Languages that stick to rules = Esperanto maybe? Is there such a natural language that sticks to the rules more than 90% of the time? I want to say Spanish, but then I think about French and I am sure that there are things similar in Spanish and French that would be considered exceptions for people who learn these two languages.

Yes, perhaps I am tired, or whatever, but I think that the idea of finding the perfect language is intriguing for some reason. But I think what it all comes down to is what pleases a person or what a person has to learn. Pennsylvania German is not the easiest language, but I really love it, so it does not seem so hard for me. French seems hard to me sometimes, but I love the language so much it does not bother me that I stumble sometimes when speaking/reading/writing in it.

Well, I hope everyone had a nice Halloween and have a good weekend.
Clark   Sunday, November 02, 2003, 05:09 GMT
I am just writing here now because I have nothing better to do. So here I ramble away...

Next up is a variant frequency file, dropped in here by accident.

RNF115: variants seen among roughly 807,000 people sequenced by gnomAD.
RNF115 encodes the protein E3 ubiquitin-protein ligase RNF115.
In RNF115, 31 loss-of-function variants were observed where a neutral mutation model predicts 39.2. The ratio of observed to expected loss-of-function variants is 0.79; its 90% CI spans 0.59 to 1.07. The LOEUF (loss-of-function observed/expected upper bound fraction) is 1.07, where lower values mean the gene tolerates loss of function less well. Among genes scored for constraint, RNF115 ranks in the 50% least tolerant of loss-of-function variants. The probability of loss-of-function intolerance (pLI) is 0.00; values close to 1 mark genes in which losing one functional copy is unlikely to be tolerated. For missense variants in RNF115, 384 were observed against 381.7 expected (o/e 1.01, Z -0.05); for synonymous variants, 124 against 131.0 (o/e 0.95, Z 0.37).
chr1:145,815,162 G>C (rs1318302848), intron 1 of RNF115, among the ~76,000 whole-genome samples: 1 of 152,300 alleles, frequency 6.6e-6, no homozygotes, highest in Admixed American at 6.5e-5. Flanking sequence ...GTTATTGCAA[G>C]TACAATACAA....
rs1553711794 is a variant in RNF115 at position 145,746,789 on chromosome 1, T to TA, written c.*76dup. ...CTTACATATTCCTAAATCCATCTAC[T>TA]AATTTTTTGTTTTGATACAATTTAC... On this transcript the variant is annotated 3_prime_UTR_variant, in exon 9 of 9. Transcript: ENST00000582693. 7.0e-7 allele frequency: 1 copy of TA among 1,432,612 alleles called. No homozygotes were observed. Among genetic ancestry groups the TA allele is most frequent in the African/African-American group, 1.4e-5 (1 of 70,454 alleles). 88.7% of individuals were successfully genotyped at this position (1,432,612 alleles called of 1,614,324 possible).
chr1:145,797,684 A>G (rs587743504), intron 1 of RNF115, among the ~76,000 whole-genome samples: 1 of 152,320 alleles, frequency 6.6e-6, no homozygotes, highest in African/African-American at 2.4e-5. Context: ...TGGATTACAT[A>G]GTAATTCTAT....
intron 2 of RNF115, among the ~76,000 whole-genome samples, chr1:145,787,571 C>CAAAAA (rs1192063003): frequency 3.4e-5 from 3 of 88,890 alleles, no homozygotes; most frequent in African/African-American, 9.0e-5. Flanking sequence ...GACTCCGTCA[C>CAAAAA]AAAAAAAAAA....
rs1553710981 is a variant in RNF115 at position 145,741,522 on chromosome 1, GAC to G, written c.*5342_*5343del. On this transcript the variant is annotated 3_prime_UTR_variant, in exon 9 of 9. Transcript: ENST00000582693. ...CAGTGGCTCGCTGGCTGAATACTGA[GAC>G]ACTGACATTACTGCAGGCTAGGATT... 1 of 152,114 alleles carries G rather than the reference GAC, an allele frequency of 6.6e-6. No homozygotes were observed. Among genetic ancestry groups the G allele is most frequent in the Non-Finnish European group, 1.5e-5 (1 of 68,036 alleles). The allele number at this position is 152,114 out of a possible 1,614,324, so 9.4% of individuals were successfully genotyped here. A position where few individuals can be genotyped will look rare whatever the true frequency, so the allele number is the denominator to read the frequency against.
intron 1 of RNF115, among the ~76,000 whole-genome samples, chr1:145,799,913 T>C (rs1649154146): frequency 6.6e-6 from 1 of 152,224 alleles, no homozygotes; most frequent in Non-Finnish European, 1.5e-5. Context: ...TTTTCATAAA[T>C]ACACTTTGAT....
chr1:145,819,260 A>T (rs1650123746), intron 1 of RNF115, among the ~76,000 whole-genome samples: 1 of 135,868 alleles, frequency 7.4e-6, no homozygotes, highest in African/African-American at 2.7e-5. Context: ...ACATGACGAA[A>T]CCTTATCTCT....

I find it a bit odd that English-speakers would have a better time understanding (be it reaing, writing, speaking or listening) to a Romance language because of all of the Romance vocabulary in the language. Mind you, I have never seen any study done, but this is just my best guess that an English-speaker would find it easier to read something in French than Dutch without any prior knowledge in French or Dutch. But now that I have written this, I guess I do not find it that odd.

I used to wish that my native language was not English, or that I spoke a different language because of all of the non-Germanic words in the English vocabulary. But now I have realised that I love the English language, and all of my "frustration" towards the English language was actually at the fact that the spelling system is not that phonetic. I just wish there was some group that had a lot of power in politics and in some country's school system so that this group could change the English spelling system (and then maybe other English-speaking countryies would do the same). Or, we could adopt a different language as the written language for all English-speaking countries making English a spoken language only :-) This way, anyone could write the English language how they wanted because there would be no standard. This maaks sens, duznt it?.

I think that for English-speakers the easiest language would be Afrikaans. There are so many similarities between the two languages!